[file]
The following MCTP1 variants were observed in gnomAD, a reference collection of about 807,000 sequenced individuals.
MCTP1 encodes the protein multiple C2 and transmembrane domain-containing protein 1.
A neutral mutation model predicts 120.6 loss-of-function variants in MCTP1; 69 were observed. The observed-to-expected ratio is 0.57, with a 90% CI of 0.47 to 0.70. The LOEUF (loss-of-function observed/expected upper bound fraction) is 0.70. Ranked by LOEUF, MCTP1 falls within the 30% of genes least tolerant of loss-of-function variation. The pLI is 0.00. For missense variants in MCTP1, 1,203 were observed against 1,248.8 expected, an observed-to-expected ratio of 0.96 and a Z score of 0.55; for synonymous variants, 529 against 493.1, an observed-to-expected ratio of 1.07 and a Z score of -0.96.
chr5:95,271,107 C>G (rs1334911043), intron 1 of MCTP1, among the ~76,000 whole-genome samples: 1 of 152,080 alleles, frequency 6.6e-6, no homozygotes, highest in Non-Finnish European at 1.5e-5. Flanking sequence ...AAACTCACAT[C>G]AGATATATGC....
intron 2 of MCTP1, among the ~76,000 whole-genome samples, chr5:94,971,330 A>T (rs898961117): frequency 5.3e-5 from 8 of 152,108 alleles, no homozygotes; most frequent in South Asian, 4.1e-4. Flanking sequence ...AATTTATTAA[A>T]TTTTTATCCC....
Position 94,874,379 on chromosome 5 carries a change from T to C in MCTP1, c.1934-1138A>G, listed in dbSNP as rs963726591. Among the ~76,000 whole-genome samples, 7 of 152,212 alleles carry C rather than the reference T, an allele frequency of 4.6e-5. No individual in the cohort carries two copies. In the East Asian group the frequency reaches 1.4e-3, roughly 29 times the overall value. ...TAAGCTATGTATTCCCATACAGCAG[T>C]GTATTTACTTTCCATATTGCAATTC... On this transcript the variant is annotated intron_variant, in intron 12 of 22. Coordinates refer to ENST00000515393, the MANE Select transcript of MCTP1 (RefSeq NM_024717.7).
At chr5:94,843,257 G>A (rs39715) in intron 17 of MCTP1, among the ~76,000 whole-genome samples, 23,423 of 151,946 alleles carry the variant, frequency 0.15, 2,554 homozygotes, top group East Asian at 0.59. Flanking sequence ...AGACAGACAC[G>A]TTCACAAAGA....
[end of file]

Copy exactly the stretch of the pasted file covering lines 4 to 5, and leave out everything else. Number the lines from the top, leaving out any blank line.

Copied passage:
chr5:95,271,107 C>G (rs1334911043), intron 1 of MCTP1, among the ~76,000 whole-genome samples: 1 of 152,080 alleles, frequency 6.6e-6, no homozygotes, highest in Non-Finnish European at 1.5e-5. Flanking sequence ...AAACTCACAT[C>G]AGATATATGC....
intron 2 of MCTP1, among the ~76,000 whole-genome samples, chr5:94,971,330 A>T (rs898961117): frequency 5.3e-5 from 8 of 152,108 alleles, no homozygotes; most frequent in South Asian, 4.1e-4. Flanking sequence ...AATTTATTAA[A>T]TTTTTATCCC....